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6 Tips for Tax-smart Charitable Giving

What follows are some key pointers in giving to charity while also reducing your tax burden.
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When you give this holiday season, do right by you, too; done the right way, with charitable contributions, you can lower your tax bill. Of course, this only applies if you itemize your deductions -- if you take the standard deduction, you're not eligible to deduct charitable contributions from your tax bill.

What follows are some key pointers in giving to charity while also reducing your tax burden.

1. Audit the charity

This tip isn't even tax-smart -- it's just the first thing you should consider in giving and a way to ensure that your money is going to the right cause. Guidestar keeps records of a charity's actions so philanthropists can audit them for their legitimacy, impact and finances. Sign up for a free account and you can view a given organization's Form 990 before you donate -- excluding churches and state institutions. Resources like Philanthropedia also give experts a venue to sound off on which nonprofits are doing the best for their cause.

2. Keep the correct documentation

"The most common mistake I see with taxpayers attempting to claim a deduction for noncash contributions (such as clothing) is lack of documentation," says Diane Aksten, a certified public accountant in Farmington Hills, MI.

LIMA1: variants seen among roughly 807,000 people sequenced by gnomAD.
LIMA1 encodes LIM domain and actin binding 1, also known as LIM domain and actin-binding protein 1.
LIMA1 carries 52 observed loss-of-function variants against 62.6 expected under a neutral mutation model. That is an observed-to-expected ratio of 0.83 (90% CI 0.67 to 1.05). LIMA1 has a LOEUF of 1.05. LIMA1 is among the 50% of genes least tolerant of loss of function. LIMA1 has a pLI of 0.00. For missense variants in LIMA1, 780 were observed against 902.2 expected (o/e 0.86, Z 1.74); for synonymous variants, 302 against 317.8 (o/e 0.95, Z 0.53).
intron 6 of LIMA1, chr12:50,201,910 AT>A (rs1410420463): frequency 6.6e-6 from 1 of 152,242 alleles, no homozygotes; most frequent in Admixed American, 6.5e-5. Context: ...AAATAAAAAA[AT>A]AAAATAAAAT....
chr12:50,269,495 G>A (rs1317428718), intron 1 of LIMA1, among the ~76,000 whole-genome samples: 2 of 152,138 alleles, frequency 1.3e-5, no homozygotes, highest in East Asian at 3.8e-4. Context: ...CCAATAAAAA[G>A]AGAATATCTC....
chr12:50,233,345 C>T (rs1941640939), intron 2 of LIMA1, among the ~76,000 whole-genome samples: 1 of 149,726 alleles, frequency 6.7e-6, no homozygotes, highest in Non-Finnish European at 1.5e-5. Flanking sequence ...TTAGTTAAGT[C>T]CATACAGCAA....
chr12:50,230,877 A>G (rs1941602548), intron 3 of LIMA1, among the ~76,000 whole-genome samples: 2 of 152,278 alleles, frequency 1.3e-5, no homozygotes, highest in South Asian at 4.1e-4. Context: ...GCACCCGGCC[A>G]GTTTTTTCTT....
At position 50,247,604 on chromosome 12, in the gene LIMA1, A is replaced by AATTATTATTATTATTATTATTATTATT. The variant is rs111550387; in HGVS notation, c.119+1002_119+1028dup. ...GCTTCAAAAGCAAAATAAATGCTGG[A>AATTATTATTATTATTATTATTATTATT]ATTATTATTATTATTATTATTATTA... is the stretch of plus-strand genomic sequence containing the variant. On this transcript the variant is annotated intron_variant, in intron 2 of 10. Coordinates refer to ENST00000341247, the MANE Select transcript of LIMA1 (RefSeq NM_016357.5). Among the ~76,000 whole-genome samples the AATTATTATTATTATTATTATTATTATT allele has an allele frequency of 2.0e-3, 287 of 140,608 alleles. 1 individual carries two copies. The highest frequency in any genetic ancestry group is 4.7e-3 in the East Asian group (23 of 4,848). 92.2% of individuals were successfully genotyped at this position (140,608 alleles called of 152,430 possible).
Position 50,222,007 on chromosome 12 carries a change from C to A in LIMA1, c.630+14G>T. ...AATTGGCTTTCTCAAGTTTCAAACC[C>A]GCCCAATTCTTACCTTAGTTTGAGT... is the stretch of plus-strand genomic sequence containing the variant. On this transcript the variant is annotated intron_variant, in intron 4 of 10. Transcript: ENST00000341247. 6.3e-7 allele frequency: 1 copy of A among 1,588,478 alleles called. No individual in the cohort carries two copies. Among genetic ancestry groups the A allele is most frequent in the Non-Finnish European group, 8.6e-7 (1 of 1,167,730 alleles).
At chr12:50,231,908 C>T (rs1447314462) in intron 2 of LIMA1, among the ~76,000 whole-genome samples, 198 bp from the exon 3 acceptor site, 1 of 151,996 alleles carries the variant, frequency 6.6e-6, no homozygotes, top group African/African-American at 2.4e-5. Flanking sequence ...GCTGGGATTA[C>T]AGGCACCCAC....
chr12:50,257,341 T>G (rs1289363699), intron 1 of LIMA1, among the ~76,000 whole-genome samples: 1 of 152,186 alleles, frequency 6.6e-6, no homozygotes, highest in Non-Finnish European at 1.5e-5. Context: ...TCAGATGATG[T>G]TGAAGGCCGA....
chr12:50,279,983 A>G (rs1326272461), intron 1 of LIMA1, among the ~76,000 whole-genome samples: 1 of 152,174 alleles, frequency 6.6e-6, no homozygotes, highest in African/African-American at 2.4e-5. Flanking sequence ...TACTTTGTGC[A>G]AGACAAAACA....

Make sure to keep records of all your donation receipts.

3. Know your donation's fair market value

To reduce your tax bill, you need some proof of your donations. If you gave something tangible like clothing, you'll also need the item's fair market value. Generally, this means what you deduct from your tax bill is less than what you paid for -- most clothing won't appreciate in value and sell for big bucks at the thrift store.

If you want to assess a donation's fair market value, use the Salvation Army's guide. It offers a range of values for an array of items, from air conditioners to slacks.

4. Give when you earn more

If you're able, plan your donations around your earnings, recommends Craig Allen, a certified financial planner in Santa Barbara, CA. The higher your income, the greater your tax liability. So, if you earn more in a given year, it may be time to make that hefty donation you've been waiting on.

"This is not always possible, but it should be considered whenever making any significant donation," Allen says.

5. Donate with distributions from your IRA

If you're over the age of 70 1/2 and you have an IRA, you can make your required minimum distribution (RMD) to a charity of your choosing. "This exempts the RMD from income tax," says Nick Phelps, a certified financial planner in State College, PA.

6. Give stock

If you sell stock and then give, you'll be taxed on the gains. If you "gift" the stock, however, you'll avoid taxes, says Helen Simon, a certified financial planner and realty management adviser in Oakland Park, FL.

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